Deeper, Wiser Mission Committees

 

Speaking from experience, I think we can agree together that we approach dangerous water when we speak (or hear) this sentence: “Of course, we all know the purpose of the ________________ Committee.” Probably somewhere in a tattered file folder in most every congregation, there is a mission statement (really a to-do list) for each church committee—Worship and Music, Building and Grounds, Personnel, Evangelism, Fellowship, Children/Youth/Adult Education…and of course Mission itself.

Whether your church calls it the Mission Committee, the Outreach Committee, or the Service Committee, there is likely a vague sense in your congregation that “we know what sort of things they are supposed to do.” And there is likely a strong sense, among specific members of your congregation, of what many things they are supposed to do.

For instance, Mission Committees might be supposed to:

  •  allocate money from the mission part of the church budget to worthy recipients;
  • evaluate new proposals to give money;
  • support worthy causes in the community;
  • support worthy causes globally;
  • be a kind of small church-version of the United Way;
  • poll the congregation and find out what members give to and then give to those things;
  • not worry about money but rather advocate for action on pressing issues of the day;
  • organize the monthly meal at the homeless shelter;
  • organize letter-writing campaigns on urgent issues;
  • hold educational forums on things like homelessness, global hunger, AIDS;
  • be a board with one member from every important cause the congregation supports;

Or…fill in the blank for what your experience has been with this expansive committee job description.

Embedded in these to-do list items are fine and worthy activities and causes. And, in most churches, it tends to be the same good people advocating for the same good causes in a state of worry and frustration that more people are not enlisted to the work and in the causes.

How can Mission Committees become places of greater engagement, clarity, and depth, commensurate to the “Mission” they carry in their title? Over the next three weeks, we will offer some objects and questions to open up this possibility. Today, to start, a poem, by Bertolt Brecht (1898 – 1956), titled “A Bed for the Night.”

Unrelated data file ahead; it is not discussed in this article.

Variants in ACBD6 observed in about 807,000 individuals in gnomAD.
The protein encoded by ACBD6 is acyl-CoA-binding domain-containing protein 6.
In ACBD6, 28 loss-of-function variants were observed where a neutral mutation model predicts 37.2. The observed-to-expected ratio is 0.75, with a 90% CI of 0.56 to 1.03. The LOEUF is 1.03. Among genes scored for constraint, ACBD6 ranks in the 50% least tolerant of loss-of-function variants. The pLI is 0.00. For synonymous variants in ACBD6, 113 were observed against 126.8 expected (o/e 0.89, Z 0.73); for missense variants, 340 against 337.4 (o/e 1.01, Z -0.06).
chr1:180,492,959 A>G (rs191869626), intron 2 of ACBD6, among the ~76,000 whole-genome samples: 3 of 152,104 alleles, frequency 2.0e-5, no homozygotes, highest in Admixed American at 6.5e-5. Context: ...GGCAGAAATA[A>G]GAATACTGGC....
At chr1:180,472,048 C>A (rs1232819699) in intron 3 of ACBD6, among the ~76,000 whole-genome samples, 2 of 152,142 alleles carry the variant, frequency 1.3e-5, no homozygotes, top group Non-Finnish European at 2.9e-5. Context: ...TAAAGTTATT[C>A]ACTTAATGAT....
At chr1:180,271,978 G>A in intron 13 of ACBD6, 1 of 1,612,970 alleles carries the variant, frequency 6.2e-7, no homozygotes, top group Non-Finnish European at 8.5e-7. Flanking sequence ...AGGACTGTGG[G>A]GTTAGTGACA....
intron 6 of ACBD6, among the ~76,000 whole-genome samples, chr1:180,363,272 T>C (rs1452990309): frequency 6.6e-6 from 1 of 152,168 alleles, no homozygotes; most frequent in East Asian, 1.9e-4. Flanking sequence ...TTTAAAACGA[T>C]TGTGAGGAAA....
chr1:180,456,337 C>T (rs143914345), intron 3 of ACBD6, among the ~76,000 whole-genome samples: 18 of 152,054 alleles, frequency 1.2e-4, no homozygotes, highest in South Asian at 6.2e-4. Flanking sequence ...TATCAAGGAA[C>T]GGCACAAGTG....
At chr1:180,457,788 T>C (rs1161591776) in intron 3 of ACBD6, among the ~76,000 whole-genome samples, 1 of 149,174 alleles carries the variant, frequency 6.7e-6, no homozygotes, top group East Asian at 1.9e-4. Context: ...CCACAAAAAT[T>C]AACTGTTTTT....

A Bed for the Night
I hear that in New York
At the corner of 26th Street and Broadway
A man stands every evening during the winter months
And gets beds for the homeless there
By appealing to passers-by.

It won’t change the world
It won’t improve relations among men
It will not shorten the age of exploitation
But a few men have a bed for the night
For a night the wind is kept from them
The snow meant for them falls on the roadway.

Don’t put down the book on reading this, man.

A few people have a bed for the night
For a night the wind is kept from them
The snow meant for them falls on the roadway
But it won’t change the world
It won’t improve relations among men
It will not shorten the age of exploitation.

Bertolt Brecht (translated by George Rapp)

 


What is the man on the street corner doing?

In speaking of the men who have a bed for the night, why does the narrator say that the snow is “meant for them”?

Why does the poet tell us not to “put down the book” after the second stanza?

What does this poem have to do with the work of your regularly scheduled mission committee? Is the committee’s work best described by stanza one, two, three, or four?

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